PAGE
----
IBMA Search Drags On

IBMA at the CrossroadsAs the search for IBMA’s new executive director extends into the summer, it is increasingly likely that the position will not be filled before the association’s signature annual event – the World of Bluegrass business conference and FanFest in late September.

The top job at IBMA has been open since March 1, when Dan Hays departed, but the board knew he was leaving for a couple of months before that. The original goal was to have someone in place a few weeks before Hays left so there would be some overlap. We were told the field had been narrowed and a selection would soon follow.

But now festival season is well underway, the final WOB in Nashville is just over three months away and the search appears to have widened, not narrowed.

In an interview late last week, IBMA President Stan Zdonik acknowledged that Hays’ permanent replacement might not be hired before the annual event that provides most of the association’s revenues and accounts for the biggest share of its expenses.

“The board and the executive committee are working hard to produce the best possible results,” Zdonik said. “The timetable that you suggest is certainly a great goal, but we do not believe it is wise to be bound by artificial deadlines that could compromise those results.”

He went on to say that IBMA leaders had interviewed “a number of candidates” but suggested the executive committee and board still aren’t ready to act.

“Before making a selection,” he said, “it is crucial that we believe that we have been thorough and have not missed any potential candidates.”

IBMA is not leaderless, of course. Veteran staffer Nancy Cardwell is serving as interim executive director and things seem to be going smoothly. She’s been in charge during the preparations for WOB and for IBMA’s selection of Raleigh, N.C., as the future home of the annual conference and FanFest.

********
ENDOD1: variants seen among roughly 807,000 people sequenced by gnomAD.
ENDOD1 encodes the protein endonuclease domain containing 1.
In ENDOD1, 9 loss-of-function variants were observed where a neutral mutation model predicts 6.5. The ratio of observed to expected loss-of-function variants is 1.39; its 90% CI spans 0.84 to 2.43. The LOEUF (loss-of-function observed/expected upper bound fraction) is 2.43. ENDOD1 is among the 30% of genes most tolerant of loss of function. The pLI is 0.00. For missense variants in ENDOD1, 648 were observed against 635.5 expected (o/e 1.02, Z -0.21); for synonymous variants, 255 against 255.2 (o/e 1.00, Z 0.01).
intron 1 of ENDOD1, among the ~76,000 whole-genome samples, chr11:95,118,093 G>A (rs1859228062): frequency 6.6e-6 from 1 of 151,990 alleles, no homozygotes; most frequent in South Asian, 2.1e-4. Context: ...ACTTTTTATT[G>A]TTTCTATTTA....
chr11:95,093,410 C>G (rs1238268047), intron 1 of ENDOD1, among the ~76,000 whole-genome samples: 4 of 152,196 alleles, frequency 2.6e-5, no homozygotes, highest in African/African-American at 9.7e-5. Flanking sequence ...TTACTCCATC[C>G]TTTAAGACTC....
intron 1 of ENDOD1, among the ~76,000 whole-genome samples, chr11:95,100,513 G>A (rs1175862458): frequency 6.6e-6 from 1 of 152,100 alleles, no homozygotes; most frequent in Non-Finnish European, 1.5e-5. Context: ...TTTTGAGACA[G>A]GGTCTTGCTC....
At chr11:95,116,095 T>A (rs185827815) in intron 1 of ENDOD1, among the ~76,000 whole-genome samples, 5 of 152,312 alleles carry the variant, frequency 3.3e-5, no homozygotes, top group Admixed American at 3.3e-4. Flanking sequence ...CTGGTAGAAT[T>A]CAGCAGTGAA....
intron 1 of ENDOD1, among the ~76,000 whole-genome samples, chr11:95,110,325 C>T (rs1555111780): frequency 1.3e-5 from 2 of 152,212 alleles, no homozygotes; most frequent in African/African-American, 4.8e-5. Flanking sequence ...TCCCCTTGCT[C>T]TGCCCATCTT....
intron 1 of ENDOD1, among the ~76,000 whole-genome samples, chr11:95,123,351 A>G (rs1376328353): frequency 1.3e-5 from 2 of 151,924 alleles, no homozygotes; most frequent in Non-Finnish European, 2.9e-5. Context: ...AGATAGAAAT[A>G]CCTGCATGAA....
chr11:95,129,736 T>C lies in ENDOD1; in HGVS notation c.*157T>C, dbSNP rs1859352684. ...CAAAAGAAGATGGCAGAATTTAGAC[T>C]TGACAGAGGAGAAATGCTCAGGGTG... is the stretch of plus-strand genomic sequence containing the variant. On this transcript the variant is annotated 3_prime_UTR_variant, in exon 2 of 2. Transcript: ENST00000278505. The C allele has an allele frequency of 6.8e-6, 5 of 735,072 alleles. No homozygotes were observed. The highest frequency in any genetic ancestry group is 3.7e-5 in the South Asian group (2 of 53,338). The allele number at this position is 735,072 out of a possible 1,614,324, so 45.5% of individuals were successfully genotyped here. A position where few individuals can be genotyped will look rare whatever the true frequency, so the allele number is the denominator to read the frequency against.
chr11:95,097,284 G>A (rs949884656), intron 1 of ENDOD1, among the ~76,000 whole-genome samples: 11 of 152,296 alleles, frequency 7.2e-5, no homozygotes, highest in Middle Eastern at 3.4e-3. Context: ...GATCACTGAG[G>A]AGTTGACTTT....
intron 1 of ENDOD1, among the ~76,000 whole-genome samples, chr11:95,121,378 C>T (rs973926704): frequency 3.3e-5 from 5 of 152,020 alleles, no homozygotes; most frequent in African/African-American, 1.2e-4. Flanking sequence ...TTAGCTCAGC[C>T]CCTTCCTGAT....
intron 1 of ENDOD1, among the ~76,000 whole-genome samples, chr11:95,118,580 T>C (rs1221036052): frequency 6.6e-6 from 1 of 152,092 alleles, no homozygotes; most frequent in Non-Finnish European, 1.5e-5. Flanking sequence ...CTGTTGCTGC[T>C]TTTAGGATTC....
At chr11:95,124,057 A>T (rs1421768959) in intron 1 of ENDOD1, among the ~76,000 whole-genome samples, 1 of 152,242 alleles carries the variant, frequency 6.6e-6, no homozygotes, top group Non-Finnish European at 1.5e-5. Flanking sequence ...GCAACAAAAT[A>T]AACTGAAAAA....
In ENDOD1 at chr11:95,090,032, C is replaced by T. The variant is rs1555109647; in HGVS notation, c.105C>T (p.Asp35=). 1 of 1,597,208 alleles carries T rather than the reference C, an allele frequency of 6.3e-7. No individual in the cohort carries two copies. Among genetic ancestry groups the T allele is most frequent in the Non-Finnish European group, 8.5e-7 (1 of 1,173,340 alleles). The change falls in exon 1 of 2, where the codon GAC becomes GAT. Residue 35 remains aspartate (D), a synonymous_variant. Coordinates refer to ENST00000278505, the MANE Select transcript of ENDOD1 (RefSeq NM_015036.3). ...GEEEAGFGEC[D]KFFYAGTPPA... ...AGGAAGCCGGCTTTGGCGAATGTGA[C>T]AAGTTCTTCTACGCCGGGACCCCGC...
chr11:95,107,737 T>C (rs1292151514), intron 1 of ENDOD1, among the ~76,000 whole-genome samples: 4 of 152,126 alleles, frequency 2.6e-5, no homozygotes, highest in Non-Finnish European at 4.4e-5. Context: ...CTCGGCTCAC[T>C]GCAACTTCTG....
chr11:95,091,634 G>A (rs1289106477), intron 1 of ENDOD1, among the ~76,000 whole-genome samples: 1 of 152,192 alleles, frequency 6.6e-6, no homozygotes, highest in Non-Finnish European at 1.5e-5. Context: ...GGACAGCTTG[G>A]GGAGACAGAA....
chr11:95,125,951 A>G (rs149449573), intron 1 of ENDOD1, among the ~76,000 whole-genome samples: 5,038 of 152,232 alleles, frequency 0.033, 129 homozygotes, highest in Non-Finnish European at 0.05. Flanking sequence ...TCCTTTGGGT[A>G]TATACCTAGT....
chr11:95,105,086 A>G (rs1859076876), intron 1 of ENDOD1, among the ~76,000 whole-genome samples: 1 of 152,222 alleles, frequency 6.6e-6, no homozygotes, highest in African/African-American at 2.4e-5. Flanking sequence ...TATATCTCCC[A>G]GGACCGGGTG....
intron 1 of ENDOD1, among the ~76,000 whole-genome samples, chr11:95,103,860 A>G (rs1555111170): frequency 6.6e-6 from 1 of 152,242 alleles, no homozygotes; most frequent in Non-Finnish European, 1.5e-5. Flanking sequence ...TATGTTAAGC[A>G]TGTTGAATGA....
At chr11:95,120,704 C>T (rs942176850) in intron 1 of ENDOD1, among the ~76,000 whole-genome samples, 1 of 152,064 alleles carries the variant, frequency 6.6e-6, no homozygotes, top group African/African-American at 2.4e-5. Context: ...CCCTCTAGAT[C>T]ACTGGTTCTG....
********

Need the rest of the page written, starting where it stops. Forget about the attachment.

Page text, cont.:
But continuing the search for such a crucial job far past the point of a normal hiring process, and saying little about it, invites speculation and second-guessing at a time when IBMA should be moving forward.

Among the questions prompted by the drawn-out process:

  • Should the board have used a professional headhunting firm to identify and screen candidates from the start?
  • Why is IBMA having difficulty attracting qualified candidates? And if the group has heard from qualified applicants, why does it continue to look for others?
  • Has the right candidate been right under IBMA’s nose the whole time? If Cardwell pulls off a successful conference and cuts losses, does she earn the permanent job? It certainly seems she’d have a leg up on outside candidates.
  • By continuing to look for other candidates, does IBMA risk alienating qualified applicants already in the running, or undercutting Cardwell?

As the search continues, some IBMA members are eagerly awaiting results of an independent audit. Zdonik has said the board will release findings when they are available. Late last week, he said IBMA officials should receive the final audit report soon.

IBMA will also get at least one new board member. Jim Roe is leaving the board, saying he needs to devote more time to his booking business.

We’ll continue following the search, the audit and other developments about the business side of the music business in the months ahead.